Viet Nam News
HÀ NỘI — The central province of Hà Tĩnh’s Department of Science and Technology (DoST) proposed shutting down Thạch Khê iron mine – the largest of its kind in Southeast Asia – to protect the environment.
The proposal was issued at a conference on assessing the situation and efficiency of the mine, held by the Việt Nam Mining Coalition and the Việt Nam Union of Geological Sciences in Hà Nội on Friday.
According to Director of Hà Tĩnh’s DoST Đỗ Khoa Văn the mine covers a large area in six coastal communes in Thạch Hà District. It is estimated to have 544 million tonnes of iron ore reserves.
In 2007, in order to meet the demand of domestic steel mills, the Government decided to begin mining activities at the site. The investor was Thạch Khê Iron Joint Stock Company, including nine shareholders with chartered capital of VNĐ2.4 trillion (US$102.7 million), of which the Vietnam National Coal and Mineral Industries Group (Vinacomin or TKV) was the main shareholder.
The project was estimated to cost VNĐ1.59 trillion, which included the cost of relocating 3,000 households.
In 2009, the company began testing open-cast coal mining, but stopped in 2011 when the Government decided to suspend mining operations at the site. Văn said the decision was a temporary measure by the Prime Minister to deal with problems in the implementation process. The suspension was intended to allow time to restructure the enterprise and investment capital, complete the design and solve site clearance issues.
In a document issued on November 16, 2017, the Ministry of Natural Resources and Environment (MoNRE) said that after ten years of implementation, the project had problems related to technology, safety and the environment.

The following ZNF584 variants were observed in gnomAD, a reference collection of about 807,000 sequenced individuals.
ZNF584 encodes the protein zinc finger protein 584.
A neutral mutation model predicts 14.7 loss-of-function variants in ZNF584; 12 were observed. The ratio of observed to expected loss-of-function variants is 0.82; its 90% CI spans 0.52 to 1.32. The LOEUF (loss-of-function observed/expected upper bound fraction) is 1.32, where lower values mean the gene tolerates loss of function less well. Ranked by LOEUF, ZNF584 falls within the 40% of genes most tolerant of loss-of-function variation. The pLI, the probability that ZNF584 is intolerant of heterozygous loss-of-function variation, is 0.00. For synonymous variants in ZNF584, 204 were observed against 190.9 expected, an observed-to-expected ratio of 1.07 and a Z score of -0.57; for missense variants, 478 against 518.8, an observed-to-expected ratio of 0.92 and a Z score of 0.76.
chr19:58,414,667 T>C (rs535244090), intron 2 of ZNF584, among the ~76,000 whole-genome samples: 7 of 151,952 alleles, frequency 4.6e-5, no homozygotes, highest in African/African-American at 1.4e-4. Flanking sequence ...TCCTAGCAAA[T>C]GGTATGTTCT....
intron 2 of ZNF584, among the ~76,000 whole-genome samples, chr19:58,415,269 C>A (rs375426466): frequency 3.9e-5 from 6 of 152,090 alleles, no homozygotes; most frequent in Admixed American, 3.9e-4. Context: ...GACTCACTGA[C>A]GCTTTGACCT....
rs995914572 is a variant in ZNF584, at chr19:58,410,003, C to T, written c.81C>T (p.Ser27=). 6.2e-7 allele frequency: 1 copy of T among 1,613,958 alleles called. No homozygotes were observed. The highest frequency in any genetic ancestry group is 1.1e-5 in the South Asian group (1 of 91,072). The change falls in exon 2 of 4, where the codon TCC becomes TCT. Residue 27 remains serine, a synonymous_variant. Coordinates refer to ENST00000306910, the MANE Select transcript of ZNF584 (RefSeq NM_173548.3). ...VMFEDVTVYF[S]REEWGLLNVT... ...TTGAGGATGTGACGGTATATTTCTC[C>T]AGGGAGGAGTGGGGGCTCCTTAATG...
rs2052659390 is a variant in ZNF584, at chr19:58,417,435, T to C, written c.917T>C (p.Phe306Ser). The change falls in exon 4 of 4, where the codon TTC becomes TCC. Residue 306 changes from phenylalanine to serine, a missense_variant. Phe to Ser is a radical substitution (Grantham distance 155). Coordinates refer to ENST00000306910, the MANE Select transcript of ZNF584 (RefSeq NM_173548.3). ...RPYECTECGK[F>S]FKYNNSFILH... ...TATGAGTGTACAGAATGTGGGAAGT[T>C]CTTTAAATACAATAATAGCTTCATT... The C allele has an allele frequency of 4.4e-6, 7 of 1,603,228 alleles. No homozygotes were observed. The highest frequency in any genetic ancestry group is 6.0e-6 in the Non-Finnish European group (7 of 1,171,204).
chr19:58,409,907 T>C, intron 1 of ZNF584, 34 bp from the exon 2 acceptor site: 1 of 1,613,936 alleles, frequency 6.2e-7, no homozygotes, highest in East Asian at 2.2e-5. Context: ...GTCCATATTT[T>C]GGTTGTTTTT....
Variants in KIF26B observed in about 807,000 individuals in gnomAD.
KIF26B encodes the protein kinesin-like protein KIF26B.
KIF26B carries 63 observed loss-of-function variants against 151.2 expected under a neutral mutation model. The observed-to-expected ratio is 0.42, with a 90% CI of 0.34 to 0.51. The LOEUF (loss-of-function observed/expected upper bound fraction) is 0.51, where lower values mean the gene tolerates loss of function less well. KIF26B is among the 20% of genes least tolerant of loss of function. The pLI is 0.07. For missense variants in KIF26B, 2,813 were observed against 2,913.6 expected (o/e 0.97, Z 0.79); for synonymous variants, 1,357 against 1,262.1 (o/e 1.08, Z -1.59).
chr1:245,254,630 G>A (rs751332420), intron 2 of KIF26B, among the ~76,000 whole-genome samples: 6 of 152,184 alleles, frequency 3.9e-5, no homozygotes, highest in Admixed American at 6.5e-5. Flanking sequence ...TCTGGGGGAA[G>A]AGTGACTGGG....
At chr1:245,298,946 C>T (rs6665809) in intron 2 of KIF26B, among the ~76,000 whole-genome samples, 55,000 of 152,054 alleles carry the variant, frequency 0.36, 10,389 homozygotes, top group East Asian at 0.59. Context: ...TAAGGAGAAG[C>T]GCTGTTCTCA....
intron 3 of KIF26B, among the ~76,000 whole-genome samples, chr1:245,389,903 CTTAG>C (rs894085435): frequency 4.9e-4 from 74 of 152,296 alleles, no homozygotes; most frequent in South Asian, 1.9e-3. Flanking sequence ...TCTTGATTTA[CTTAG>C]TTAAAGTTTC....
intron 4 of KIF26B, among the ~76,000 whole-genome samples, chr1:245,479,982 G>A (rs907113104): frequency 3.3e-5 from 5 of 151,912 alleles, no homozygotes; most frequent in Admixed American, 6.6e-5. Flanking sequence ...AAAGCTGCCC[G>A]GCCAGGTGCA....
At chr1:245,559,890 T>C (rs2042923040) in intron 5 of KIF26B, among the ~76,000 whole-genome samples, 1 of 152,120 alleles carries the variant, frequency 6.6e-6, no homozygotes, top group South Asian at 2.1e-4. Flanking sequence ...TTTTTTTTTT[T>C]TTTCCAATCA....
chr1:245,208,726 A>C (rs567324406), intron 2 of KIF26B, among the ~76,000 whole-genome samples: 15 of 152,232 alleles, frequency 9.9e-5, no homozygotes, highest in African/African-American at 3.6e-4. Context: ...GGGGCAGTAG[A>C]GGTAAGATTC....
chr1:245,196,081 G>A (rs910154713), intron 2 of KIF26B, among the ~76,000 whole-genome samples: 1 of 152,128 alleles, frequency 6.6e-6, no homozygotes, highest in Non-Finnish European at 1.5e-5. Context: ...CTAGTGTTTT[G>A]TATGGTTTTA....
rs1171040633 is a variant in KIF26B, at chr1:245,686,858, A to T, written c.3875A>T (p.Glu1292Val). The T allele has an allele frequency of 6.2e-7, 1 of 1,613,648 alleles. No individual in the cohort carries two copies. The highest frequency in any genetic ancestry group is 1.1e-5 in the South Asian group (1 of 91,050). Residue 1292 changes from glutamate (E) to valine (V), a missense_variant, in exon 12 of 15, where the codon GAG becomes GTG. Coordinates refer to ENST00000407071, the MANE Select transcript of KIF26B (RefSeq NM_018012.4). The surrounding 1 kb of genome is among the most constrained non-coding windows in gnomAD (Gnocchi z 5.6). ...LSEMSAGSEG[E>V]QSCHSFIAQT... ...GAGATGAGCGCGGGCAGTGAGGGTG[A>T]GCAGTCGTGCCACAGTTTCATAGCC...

MoNRE said it was necessary to solve these problems in a thorough, scientific manner. This would involve the stabilisation of mine banks to prevent landslides and finding solutions for mine drainage and salinity.
“The view of Hà Tĩnh Province is that we should stop the project to protect the environment, rather than changing the environment for economic development at all costs,” said Văn. “We must consider the benefits, aspirations and justifiable interests of people in the project site.”
Deputy general secretary of the Việt Nam Union of Science and Technology Associations (VUSTA) Lê Công Lương said the legal basis for re-starting the project was not yet complete amidst emerging new environmental protection requirements.
“The project’s economic efficiency is low when we have to invest so much to protect the environment, prevent landslides and ensure drainage,” Lương said. “The use of resources is not high and there is not yet a feasible plan to consume products.”
If technological solutions are not feasible, natural disasters or complex geological problems will cause landslides, flooding the mines and leading to financial losses. At the same time, the project will greatly affect the road infrastructure and local port. Lương said the investors had not found a satisfactory method of transporting iron without the risk of pollution.
VUSTA proposed continuing the project if the investors would solve environmental and technological problems as well as ensure its social-economic efficiency.
“If the problems were solved, it would be necessary to develop the project area into a township tied to coastal tourism like Cửa Lò in the neighbouring province of Nghệ An,” said Lương.
Phạm Quang Tú, a representative from Oxfam Việt Nam, said the mine still drew mixed opinions from ministries, agencies and Hà Tĩnh Province in terms of its economic efficiency, environmental concerns and social impact.
“The Prime Minister assigned the relevant ministries and the People’s Committee of the province to re-evaluate the project in the first quarter of this year; however, the participants have not been able to reach an agreement,” said Tú. — VNS